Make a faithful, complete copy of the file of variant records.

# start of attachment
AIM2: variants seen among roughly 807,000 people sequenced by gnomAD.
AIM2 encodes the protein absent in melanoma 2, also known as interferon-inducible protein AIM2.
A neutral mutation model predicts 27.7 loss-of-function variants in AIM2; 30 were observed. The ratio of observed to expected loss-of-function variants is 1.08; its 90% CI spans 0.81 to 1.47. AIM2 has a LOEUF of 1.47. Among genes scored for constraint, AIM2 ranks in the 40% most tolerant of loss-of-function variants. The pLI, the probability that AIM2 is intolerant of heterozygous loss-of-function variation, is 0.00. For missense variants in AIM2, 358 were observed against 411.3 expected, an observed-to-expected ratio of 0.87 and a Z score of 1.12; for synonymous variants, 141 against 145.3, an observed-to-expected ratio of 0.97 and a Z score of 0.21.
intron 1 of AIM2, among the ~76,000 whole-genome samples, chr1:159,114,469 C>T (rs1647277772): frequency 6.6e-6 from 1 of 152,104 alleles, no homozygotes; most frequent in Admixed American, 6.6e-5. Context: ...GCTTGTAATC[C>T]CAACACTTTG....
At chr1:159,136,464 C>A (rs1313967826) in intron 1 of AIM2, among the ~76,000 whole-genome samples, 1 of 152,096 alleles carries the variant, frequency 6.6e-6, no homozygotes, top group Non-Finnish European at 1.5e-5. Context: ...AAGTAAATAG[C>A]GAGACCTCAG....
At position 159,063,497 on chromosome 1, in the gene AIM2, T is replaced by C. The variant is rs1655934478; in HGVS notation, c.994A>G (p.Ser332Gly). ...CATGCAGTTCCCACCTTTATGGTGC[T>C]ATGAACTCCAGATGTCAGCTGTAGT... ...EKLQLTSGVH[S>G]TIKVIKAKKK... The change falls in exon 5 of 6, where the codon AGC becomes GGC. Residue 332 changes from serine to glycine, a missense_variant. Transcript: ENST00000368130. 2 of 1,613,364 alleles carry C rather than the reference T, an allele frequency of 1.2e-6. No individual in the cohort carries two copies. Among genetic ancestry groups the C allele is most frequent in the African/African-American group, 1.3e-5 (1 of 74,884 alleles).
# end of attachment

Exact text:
AIM2: variants seen among roughly 807,000 people sequenced by gnomAD.
AIM2 encodes the protein absent in melanoma 2, also known as interferon-inducible protein AIM2.
A neutral mutation model predicts 27.7 loss-of-function variants in AIM2; 30 were observed. The ratio of observed to expected loss-of-function variants is 1.08; its 90% CI spans 0.81 to 1.47. AIM2 has a LOEUF of 1.47. Among genes scored for constraint, AIM2 ranks in the 40% most tolerant of loss-of-function variants. The pLI, the probability that AIM2 is intolerant of heterozygous loss-of-function variation, is 0.00. For missense variants in AIM2, 358 were observed against 411.3 expected, an observed-to-expected ratio of 0.87 and a Z score of 1.12; for synonymous variants, 141 against 145.3, an observed-to-expected ratio of 0.97 and a Z score of 0.21.
intron 1 of AIM2, among the ~76,000 whole-genome samples, chr1:159,114,469 C>T (rs1647277772): frequency 6.6e-6 from 1 of 152,104 alleles, no homozygotes; most frequent in Admixed American, 6.6e-5. Context: ...GCTTGTAATC[C>T]CAACACTTTG....
At chr1:159,136,464 C>A (rs1313967826) in intron 1 of AIM2, among the ~76,000 whole-genome samples, 1 of 152,096 alleles carries the variant, frequency 6.6e-6, no homozygotes, top group Non-Finnish European at 1.5e-5. Context: ...AAGTAAATAG[C>A]GAGACCTCAG....
At position 159,063,497 on chromosome 1, in the gene AIM2, T is replaced by C. The variant is rs1655934478; in HGVS notation, c.994A>G (p.Ser332Gly). ...CATGCAGTTCCCACCTTTATGGTGC[T>C]ATGAACTCCAGATGTCAGCTGTAGT... ...EKLQLTSGVH[S>G]TIKVIKAKKK... The change falls in exon 5 of 6, where the codon AGC becomes GGC. Residue 332 changes from serine to glycine, a missense_variant. Transcript: ENST00000368130. 2 of 1,613,364 alleles carry C rather than the reference T, an allele frequency of 1.2e-6. No individual in the cohort carries two copies. Among genetic ancestry groups the C allele is most frequent in the African/African-American group, 1.3e-5 (1 of 74,884 alleles).